Show: Mokke (from Kanji, meaning “Unexpected”)
Genre: Slice of Life, Supernatural
Studio: Madhouse, Tezuka Productions
Director: Masayoshi Nishida
Episodes: 24 (+ 2 on DVD)
As a little kid, I was a bit of a mythology and folklore hipster: while everyone could list the names of the major deities in the Classical myths, I thought that too mainstream, and decided instead to educate myself in the stories of ancient Japan. Nowadays I can’t really remember anything significant about Japanese folklore and mythology, but that hobby is what got me interested in this anime at the time, although I hadn’t watched it from start to finish it until just recently (like, 3 days ago).
The story focuses on sisters Mizuki and Shizuru Hibara. Shizuru is the older sister and has the ability to see things from the “other side” as they call it, which is the world of spirits and demons inspired from Japanese folklore that exists parallel to the real world whose denizens remain invisible to most. Mizuki, however, is easily possessed by such creatures and oftentimes winds up in dangerous or challenging situations because of this condition. Living in the city, the stress and inexplicability of the Hibara sisters’ abilities is too much for their mom and dad to handle (the idea being that folklore and tradition have been forgotten due to urbanization), so they have them live with their grandparents in the countryside who are familiar with the world of spirits—especially their grandfather. Each episode is a self-contained story, detailing a struggle the Hibara sisters face with monsters from the other world and the lessons they learn from each encounter.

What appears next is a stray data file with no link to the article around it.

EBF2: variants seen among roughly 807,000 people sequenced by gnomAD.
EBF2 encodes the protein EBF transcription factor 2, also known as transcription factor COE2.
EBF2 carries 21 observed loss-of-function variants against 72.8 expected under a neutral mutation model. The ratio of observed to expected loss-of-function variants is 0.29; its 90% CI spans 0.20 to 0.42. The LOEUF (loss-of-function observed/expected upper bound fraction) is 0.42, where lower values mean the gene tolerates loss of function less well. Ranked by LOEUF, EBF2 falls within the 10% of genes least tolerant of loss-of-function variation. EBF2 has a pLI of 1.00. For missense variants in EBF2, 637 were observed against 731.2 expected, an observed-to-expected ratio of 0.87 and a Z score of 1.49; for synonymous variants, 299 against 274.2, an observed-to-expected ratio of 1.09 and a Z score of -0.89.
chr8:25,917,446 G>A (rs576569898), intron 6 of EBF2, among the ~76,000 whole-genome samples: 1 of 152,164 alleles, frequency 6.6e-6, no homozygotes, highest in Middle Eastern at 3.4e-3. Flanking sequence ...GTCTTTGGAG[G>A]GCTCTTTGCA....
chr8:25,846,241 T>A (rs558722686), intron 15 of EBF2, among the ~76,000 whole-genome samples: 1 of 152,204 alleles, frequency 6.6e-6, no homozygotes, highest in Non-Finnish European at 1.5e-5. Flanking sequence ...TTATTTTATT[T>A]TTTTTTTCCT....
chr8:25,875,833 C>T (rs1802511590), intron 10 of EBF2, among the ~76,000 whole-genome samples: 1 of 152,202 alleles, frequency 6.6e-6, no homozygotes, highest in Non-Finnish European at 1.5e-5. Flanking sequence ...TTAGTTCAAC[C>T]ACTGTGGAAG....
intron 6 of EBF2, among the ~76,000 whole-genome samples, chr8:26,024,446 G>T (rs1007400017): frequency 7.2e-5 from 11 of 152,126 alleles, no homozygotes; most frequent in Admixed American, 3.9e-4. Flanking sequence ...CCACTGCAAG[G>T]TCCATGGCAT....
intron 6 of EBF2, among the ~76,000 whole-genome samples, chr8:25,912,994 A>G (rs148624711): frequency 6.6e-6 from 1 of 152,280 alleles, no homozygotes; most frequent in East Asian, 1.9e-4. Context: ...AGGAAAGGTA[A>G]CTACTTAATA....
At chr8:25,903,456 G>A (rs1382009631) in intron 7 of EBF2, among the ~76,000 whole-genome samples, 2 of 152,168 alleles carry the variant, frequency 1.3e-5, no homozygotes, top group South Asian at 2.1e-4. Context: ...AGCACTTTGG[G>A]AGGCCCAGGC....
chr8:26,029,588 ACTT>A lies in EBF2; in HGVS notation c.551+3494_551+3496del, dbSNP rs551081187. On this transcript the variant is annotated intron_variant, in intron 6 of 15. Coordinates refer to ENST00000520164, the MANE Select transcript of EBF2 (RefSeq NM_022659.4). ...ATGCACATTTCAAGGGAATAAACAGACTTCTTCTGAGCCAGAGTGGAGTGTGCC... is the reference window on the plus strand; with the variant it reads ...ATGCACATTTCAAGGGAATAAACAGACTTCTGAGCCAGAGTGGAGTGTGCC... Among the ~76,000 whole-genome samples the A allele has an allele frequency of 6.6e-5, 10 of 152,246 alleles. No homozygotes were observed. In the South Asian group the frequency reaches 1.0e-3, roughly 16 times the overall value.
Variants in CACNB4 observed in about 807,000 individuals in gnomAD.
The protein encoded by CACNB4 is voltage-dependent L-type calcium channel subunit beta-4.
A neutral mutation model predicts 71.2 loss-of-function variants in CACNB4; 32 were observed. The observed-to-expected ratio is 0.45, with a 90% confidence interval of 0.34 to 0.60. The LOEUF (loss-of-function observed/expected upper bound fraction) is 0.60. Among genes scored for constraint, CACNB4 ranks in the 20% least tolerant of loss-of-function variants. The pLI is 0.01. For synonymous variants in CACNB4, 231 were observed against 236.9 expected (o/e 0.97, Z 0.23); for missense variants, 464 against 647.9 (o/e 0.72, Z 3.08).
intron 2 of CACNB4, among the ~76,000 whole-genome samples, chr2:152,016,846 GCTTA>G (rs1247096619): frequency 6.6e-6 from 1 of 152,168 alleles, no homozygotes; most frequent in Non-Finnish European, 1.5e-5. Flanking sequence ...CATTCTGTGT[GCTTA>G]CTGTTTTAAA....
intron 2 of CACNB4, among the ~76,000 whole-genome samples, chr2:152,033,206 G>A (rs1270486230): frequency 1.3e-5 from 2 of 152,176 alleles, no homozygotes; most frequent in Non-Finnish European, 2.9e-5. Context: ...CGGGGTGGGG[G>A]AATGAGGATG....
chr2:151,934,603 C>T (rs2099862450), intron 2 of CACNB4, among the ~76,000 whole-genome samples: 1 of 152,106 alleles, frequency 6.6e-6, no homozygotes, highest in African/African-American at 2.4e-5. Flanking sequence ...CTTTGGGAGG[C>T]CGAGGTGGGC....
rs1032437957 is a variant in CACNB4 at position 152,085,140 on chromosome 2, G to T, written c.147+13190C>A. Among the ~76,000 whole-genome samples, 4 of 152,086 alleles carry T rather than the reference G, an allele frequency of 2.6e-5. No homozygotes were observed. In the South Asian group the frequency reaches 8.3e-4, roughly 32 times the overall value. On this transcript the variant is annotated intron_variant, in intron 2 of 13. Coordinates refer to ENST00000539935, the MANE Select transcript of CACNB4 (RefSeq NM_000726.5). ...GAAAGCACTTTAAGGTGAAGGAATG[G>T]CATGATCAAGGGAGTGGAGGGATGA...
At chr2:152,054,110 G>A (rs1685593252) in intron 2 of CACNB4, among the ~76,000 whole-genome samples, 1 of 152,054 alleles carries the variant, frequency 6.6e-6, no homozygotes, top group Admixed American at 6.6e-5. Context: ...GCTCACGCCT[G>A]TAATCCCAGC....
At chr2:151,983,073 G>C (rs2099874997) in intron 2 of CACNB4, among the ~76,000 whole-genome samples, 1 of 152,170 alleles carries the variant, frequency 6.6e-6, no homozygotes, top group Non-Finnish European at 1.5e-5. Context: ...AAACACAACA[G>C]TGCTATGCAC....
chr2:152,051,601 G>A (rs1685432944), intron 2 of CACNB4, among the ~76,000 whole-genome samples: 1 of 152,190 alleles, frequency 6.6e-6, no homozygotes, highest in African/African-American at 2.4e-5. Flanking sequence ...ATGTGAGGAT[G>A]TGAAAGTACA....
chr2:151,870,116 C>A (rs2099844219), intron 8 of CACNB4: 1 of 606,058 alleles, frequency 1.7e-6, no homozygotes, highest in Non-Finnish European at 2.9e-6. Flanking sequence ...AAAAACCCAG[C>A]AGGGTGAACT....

This anime provides a good comparison to Mushishi (another anime I reviewed with a similar premise and style). They are both similarly structured, in terms of storyline, and both focus on phenomena caused by otherworldly beings outside of the normal human’s perception. In addition, they are both influenced by ancient Japanese folklore and culture. To me, the first noticeable difference between the two is the interactions between that of the natural and that of the supernatural. In Mushishi, the “mushi” are often the root of a problem and each episode has an element of mystery as the main character, Ginko, attempts to discover the true nature of the mushi. But in Mokke, the creatures are less clearly defined or classified: they are not species, like the mushi are. In addition, they are often not the cause of troubles, but more of symbols or manifestations of them. In one episode for example, a classmate accidentally breaks Mizuki’s camera which contains pictures of the entire trip. Frustrated and angry, Mizuki is persuaded by a wandering Yama-Uba (like an old mountain hag) to stand up to her and demand an apology. Later, however, the same monster turns on those feelings of anger and nearly devours Mizuki, except that she uses her tactic against her, standing up to the demon with enough resolve to make her turn away. Also different from Mushishi is the dynamic between the sisters that plays out in many episodes. Shizuru is shy and apprehensive, and seeing demons and ghouls around people every day unnerves her. Mizuki is outgoing and energetic, possessing a naivety that leads her into troublesome situations. From their experiences, both of the Hibara sisters learn lessons about coping with others, accepting and rejecting fate, and being observant of the world around them. Another aspect of the show that fits with this scheme is how little screen time and focus the actual monsters and demons receive (although there are a few exceptions). For example, in one episode, one of Mizuki’s friends becomes depressed over losing a scarf given to her by a close friend. Mizuki is determined to help her find this scarf, but as the days wear on, her friend’s sadness and the fruitlessness of the search takes a toll on Mizuki, which manifests itself as a hazy snake-like monster (referred to as a Jatai) that begins to constrict her movement and leave wounds. Yet, the only time Mizuki actually confronts the monster (and when the viewer sees its true form) is only for about a minute at the end of the episode when Mizuki finally overcomes her burden and finds the lost scarf. This emphasis on the troubles of humans, rather than on the monsters and the supernatural in the story, truly makes it feel like an echo to folkloric tales and makes this anime meaningful. This is comparable to Death Note, in which the Shinigamis aren’t the main focus of the show, but the humans who are borrowing their power.